Parkey Looking For Improvement As A Junior

Auburn kicker Cody Parkey talks about the new rules for kickoffs and preparations for the 2012 football season.

Auburn, Ala.--After appearing in only seven games his freshman year, Auburn kicker Cody Parkey became a household name for Tiger fans in 2011 as he recorded 38 touchbacks on 66 kickoffs and made 13 field goals.

The junior had the assignment of replacing four-year starter Wes Byrum. Parkey made 13 of his 18 attempts, hitting six of 10 from 40-plus, with his longest make at 45 yards. He also made 41-42 extra points.

"I feel like I had a decent year," Parkey told Inside the Auburn Tigers. "It was my first year really starting, but, at the same time, I was 73 to74 percent on field goals, something like that, and that's not going to cut it. I need to be a lot better than that."

Parkey's 2012 season comes with a new rule for kickoffs, which will offer a different challenge after he averaged 68.9 yards per attempt last year.

The new rule places the ball at the 35-yard line instead of the 30. While this would benefit the former Under Armour All-American's efforts to put kickoffs into the end zone, touchbacks will now place the ball on the 25-yard line as opposed to the 20.

"It's kind of like, ‘Do we kick it out of the end zone and not let them try, or do we try to pin them in even closer?'" Parkey said. "It depends on the returner, I guess."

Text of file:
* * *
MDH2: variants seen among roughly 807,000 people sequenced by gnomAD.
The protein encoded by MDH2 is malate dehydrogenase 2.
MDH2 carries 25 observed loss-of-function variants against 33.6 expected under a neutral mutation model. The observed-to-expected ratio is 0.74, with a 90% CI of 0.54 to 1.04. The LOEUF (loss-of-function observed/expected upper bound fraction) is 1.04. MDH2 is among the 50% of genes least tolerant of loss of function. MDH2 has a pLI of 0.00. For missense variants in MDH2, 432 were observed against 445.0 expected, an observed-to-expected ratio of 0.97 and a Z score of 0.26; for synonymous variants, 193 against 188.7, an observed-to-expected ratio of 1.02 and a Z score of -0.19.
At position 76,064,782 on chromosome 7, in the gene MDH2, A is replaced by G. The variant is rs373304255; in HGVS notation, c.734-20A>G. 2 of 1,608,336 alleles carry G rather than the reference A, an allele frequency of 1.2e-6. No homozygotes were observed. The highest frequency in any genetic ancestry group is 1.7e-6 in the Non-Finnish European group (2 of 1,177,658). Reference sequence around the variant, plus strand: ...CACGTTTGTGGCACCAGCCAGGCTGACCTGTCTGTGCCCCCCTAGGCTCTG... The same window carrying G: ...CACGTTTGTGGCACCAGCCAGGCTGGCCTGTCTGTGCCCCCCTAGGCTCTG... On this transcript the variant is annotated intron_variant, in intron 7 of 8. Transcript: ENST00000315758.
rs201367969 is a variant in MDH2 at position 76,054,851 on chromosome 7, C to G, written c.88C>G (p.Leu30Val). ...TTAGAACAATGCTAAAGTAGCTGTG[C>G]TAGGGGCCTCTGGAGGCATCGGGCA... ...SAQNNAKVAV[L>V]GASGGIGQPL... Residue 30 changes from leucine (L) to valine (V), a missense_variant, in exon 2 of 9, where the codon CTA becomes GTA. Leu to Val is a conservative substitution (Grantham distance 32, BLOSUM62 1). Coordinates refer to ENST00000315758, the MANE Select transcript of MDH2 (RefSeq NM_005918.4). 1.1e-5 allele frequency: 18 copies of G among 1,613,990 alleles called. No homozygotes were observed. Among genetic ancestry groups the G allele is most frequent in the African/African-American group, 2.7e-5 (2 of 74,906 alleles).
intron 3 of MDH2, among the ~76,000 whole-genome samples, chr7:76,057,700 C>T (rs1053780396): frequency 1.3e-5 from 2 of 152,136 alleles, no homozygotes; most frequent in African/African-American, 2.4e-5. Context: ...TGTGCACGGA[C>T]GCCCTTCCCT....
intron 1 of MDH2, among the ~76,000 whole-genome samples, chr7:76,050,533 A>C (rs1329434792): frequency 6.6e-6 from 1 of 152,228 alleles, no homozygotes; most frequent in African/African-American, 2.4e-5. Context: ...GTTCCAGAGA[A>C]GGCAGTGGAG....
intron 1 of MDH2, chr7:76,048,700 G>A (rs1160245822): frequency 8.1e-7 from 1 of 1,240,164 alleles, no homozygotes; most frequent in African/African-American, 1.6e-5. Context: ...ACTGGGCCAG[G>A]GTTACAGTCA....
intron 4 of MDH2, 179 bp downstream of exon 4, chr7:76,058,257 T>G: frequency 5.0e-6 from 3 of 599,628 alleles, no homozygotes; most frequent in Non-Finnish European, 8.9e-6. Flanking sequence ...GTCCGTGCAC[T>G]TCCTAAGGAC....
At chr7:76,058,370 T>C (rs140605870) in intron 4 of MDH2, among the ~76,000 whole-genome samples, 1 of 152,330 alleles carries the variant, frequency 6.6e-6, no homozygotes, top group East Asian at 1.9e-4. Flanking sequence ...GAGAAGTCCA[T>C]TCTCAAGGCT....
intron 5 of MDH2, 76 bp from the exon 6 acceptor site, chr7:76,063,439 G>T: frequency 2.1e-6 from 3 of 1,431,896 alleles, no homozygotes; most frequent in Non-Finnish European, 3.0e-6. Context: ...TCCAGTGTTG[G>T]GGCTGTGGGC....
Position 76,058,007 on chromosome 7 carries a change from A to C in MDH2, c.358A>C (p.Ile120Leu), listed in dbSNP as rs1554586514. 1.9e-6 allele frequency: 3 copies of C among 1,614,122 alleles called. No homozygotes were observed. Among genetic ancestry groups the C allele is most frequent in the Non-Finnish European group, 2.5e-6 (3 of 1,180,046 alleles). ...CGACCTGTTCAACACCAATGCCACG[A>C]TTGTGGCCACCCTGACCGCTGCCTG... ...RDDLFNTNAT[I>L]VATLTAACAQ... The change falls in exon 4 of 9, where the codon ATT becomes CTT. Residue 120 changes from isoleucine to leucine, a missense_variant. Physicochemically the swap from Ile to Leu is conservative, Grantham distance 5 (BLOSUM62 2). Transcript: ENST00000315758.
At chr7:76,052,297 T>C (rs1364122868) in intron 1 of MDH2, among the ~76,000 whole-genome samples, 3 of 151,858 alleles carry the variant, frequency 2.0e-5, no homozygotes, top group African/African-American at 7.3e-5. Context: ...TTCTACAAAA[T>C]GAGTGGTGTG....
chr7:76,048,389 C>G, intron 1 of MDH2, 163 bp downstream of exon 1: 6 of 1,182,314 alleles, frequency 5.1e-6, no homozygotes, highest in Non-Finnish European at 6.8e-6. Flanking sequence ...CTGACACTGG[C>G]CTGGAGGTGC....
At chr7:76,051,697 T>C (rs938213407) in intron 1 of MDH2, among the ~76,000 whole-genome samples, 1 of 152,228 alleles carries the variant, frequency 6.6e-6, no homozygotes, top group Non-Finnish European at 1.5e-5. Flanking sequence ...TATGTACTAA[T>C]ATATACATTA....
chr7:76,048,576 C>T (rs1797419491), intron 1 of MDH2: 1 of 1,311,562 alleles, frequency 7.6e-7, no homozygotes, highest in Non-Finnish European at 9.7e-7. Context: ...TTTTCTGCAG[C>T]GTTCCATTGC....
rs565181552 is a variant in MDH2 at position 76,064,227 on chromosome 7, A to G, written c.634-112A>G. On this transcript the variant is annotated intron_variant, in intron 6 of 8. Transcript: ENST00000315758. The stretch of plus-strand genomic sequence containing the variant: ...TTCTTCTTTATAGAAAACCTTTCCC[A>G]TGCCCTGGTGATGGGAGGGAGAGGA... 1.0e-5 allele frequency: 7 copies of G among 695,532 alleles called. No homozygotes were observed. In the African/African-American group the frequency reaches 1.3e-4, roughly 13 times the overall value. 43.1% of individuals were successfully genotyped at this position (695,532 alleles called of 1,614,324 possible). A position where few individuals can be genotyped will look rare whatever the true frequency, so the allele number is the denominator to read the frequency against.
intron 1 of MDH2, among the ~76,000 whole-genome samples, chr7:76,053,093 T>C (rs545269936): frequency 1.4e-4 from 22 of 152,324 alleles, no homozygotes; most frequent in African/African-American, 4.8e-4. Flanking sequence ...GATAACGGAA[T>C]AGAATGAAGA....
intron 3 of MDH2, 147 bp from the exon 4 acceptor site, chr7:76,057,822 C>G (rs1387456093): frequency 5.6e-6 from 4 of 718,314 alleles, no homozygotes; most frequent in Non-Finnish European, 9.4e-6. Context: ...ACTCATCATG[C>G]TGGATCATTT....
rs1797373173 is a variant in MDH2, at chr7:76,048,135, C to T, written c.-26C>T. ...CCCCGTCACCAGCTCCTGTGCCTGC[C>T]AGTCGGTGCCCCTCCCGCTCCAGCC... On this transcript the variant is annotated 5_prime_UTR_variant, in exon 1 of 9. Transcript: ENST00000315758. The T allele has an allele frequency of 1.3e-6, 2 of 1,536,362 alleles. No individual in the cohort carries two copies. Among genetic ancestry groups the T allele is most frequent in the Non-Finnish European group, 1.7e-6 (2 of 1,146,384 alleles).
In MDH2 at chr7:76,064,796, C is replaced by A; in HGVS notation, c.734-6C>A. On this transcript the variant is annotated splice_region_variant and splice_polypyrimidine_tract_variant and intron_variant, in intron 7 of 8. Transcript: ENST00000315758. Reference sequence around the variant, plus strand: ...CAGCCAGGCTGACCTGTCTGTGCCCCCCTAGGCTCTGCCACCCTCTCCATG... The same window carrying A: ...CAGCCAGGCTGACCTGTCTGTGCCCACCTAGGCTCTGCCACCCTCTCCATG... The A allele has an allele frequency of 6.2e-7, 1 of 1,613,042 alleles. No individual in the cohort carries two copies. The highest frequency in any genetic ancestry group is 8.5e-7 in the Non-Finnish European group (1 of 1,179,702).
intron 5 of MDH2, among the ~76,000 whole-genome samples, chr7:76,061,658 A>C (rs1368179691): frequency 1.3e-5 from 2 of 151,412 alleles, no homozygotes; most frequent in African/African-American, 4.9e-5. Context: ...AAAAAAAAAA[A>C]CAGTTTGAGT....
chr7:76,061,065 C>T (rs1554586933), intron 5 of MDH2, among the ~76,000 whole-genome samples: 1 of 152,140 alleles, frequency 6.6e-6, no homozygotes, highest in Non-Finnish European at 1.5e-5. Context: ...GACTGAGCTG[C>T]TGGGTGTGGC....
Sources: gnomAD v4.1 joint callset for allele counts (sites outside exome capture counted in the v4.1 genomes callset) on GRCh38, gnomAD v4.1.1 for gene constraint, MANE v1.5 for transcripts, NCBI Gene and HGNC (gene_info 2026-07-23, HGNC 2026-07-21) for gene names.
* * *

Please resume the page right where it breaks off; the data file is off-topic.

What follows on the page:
The summer for Parkey has consisted of not only trying to kick the football into the end zone, but also working on shorter kicks with better hang time to help Auburn's coverage team.

"I'm just really working on the fundamentals and trying to make my job easier for everyone else," he noted. "The more I can do, the better our team will be."

Parkey has also been working on his accuracy and distance putting the ball through the uprights on field goals. "In practice 55 (yards) and in is mainly where I practice," he said. "The only time I'd get to kick a 60-yarder would be if the game is on the line or at the end of a half or something. I feel pretty comfortable in the 50-55 range."

Despite not having a chance to kick a field goal close to 55 yards last season, Parkey said working out every day, which was initially a shock when he came in as a freshman, has built muscle and allowed him to put more power into kicks.

"From last year into this year, I've just got to continue getting stronger and have to be able to control that power so I'm working on a lot of accuracy as well," he noted.

Parkey became one of the SEC's top kickers as a sophomore.

One major question for the Tigers' special teams is who will be the long snapper. The battle has come down to Forrest Hill and Jake Lembke, Parkey said.

"I know Jake Lembke has been on a little internship so it's been Forrest these last couple of weeks working with us," Parkey said. "That's been a real good spot to fill. It's still an open competition as far as I'm concerned."

Parkey said he has talked to former long snapper Josh Harris. "He is doing well, living the dream with the Atlanta Falcons," the kicker said. He noted that no one worked harder than Harris nor deserved being signed more.

As the 2012 season approaches, winning the Lou Groza Award, which is presented to the nation's top kicker, is something Parkey would like to do. "That's obviously always one of my goals in mind," he said. "If I cannot miss an extra point or field goal, that's another goal. I've just been working hard to put myself in the right position to be able to do that."


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